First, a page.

Last Tuesday I flew to Kigali on the early evening flight and landed into a warm, balmy city. As we deplaned and walked to the terminal, I saw a long line of passengers walking from across the tarmac having just disembarked from a KLM flight. I hightailed it down the escalators in the terminal building as I knew the lines at immigration would be insane. They ended up being insane. But I didn’t mind as it gave me time to observe the immigration hall inside the Kigali International Airport. The modern hall is purpose built, with high ceilings and an almost clinical white décor. Illumination from the bright lights bounced off the sterile white walls and onto the clean-shaven, smart and well-spoken immigration officers. They sat on high stools and were easily accessible due to the absence of the ubiquitous thick glass barrier found in many immigration counters.
Image from www.rwandagorillassafari.com
To the far right of the immigration hall were two channels of passage with a large welcoming sign above that said “E-Gates Nationals Only”. There were clear instructions pasted on the side on how to use the 21st century contraption: Walk to the reader, scan the bio data page of your passport, wait for the beep to signify transaction complete and voila, heaven’s gates would open and you, Citizen Rwanda will gladly step back home. I stood and stared for a long time as the only other airport I had seen this was London’s Heathrow. The only pity was that the bulk of the passengers from the two flights were non-Rwandese and so I only observed two citizens triumphantly sail through.
I was picked up by an extremely chatty driver named Tresor, who spoke fluent Swahili as he was born in Bujumbura where he said Swahili is more widely spoken due to proximity to, and large trade with, the DRC. Since I couldn’t get a word in edgewise past his excitable monologue I sat back to listen but I noticed a glowing orb in the far distance as we drove past the gates of the airport. It was a beautiful sight against the clear night sky and something that I had certainly never seen in my past Kigali visits. I parked that question for later. Tresor had much to say about how the city was now full of Chinese who had come to build infrastructure in Rwanda. I puckered my brow in reflection as I had observed massive buildings being put up in Sandton, Johannesburg by Chinese as well as critical arterial roads in Kampala not to mention our very own Kenyan railway and highways. Historians will more likely document the not so subtle Chinese infiltration of Africa, when the effects of this economic colonization shall be obvious. Within 15 minutes my curiosity about the glowing orb was assuaged as we approached the Kigali Convention Centre (KCC).
Image from http://www.newtimes.co.rw
In my past visits to this beautiful, serene city, I had driven past the construction of the $300 million KCC without paying much attention to the distinct spherical framework of the emerging building. The Rwandese government has constructed an iconic building that will become to Kigali what the Sydney Opera House, London’s Tower Bridge and Nairobi’s KICC have done in terms of being globally recognized city trade marks. Its curved silhouette, whose inspiration is the traditional Rwandese hut, is sheathed with luminous lighting that projects the ethereal glow I saw all the way from the airport. With a capacity for up to 5,000 delegates, the KCC has been built with the aim of making Kigali the premier conference destination site in the region. Together with the refurbished airport and a growing number of new hotels, the Rwandan government aims to use meetings and conferences as a key growth pillar for the economy. Next to the conference centre is a brand spanking new 292- room Radisson Blu Convention Centre Hotel which was opened just in time for the World Economic Forum in Africa (WEF) meeting in May 2016. I don’t think it was accidental that Kigali was chosen as the location for this annual meeting as the conference theme, Connecting Africa’s Resources Through Digital Transformation, was undertaken against a backdrop of free high speed wifi in most of the hotels and 4G free wifi provided in the public transport system.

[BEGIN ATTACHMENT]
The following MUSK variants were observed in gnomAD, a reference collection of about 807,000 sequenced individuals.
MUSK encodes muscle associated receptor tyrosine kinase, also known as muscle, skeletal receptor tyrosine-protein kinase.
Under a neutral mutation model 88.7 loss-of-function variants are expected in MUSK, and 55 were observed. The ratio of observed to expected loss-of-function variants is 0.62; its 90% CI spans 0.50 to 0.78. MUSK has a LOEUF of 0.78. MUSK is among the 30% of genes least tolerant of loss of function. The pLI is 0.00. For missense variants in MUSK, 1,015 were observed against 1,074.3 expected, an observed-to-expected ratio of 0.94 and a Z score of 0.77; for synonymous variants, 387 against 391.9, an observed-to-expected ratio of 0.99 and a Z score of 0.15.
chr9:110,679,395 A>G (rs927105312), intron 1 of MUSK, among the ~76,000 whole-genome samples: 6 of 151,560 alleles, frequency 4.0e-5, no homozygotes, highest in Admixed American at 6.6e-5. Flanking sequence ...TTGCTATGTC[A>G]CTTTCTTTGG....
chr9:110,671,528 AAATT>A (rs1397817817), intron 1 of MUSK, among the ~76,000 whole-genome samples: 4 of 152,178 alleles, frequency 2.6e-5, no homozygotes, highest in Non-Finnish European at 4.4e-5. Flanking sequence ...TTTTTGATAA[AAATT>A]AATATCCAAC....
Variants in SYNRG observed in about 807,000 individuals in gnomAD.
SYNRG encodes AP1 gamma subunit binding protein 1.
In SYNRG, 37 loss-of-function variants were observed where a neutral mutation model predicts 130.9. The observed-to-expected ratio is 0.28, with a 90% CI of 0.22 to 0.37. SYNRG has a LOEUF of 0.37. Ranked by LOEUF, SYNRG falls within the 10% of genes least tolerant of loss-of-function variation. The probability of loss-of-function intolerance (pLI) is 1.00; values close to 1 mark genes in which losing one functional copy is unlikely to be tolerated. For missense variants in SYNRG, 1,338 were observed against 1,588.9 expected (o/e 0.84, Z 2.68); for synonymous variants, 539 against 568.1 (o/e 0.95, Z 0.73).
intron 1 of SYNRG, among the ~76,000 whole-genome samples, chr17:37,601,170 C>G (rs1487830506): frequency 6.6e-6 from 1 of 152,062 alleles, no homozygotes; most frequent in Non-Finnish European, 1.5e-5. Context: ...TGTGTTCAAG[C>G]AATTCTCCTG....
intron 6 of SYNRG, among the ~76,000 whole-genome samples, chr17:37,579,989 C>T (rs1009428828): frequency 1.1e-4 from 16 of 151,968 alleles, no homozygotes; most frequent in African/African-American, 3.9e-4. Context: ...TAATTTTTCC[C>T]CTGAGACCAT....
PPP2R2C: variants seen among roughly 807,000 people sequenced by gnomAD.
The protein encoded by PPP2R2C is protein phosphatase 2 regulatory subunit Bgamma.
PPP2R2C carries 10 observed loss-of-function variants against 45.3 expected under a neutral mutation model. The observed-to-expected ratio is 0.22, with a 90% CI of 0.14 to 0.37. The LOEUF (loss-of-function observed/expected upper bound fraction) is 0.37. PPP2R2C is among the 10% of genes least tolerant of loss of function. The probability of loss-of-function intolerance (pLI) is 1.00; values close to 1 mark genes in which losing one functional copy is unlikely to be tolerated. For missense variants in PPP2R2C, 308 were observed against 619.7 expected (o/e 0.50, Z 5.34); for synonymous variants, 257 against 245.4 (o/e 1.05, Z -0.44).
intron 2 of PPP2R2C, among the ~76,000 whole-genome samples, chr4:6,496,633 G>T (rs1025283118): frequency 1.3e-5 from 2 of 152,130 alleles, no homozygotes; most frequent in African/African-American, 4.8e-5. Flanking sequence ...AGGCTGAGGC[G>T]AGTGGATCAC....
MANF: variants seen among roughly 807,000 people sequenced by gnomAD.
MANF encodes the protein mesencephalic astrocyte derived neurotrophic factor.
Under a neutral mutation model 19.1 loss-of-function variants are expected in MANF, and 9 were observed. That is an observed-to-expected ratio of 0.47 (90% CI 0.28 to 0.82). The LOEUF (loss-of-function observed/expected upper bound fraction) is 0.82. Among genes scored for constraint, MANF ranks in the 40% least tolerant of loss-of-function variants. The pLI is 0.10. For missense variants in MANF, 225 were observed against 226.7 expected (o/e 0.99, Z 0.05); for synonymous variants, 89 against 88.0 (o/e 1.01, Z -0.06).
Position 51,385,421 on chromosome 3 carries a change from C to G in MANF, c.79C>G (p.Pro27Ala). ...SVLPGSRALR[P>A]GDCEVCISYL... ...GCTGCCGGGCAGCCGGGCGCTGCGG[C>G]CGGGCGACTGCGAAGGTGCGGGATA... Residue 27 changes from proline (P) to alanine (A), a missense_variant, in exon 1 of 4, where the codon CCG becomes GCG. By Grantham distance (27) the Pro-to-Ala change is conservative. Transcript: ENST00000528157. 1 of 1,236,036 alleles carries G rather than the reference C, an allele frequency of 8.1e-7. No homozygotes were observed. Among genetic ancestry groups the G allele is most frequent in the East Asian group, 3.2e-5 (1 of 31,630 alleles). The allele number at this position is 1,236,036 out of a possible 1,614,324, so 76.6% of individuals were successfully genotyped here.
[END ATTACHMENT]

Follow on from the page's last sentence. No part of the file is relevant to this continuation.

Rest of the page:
Actually a Rwandese acquaintance reminisced with us the following day about the rapid growth of 5 star hotels in Rwanda. He spoke with bemusement as he recollected how the Kigali Marriott Hotel had been under construction for a long time and had literally been completed and furnished a month to the WEF conference. The government organizers were keen to ensure that WEF delegates had access to 5 star accommodations and couldn’t understand why the Marriott management was not ready to avail the premises for this momentous event. “The hotel is not up to global Marriott standards in its current form,” was the alleged response from the owners, “We need another three months before we can open the hotel.”
The government promptly bussed in experienced hotel staff from Kenya and Uganda, slapped a new banner at the front of the hotel calling it “Century Hotel” and sewed the same name on top of the Marriot name on the staff uniforms. By the time WEF delegates landed in May, the hotel was open for (temporary) business faster than you could say kusema na kutenda. Of course this is anecdotal but is illustrative of the can-do attitude that’s widely prevalent within Rwandese government circles.
A benchmarking visit to Rwanda is critical to any African that wants to see what urban planning, good road infrastructure (I didn’t feel or see a single pothole as I crisscrossed the city), extremely clean streets and excellent security looks like. On one of the nights we went out for dinner, we found women walking completely alone at half past nine, brazenly carrying handbags and visibly comfortable about personal well being. To paraphrase the Kenyan author Binyavanga Wainaina: One day we shall write about this place.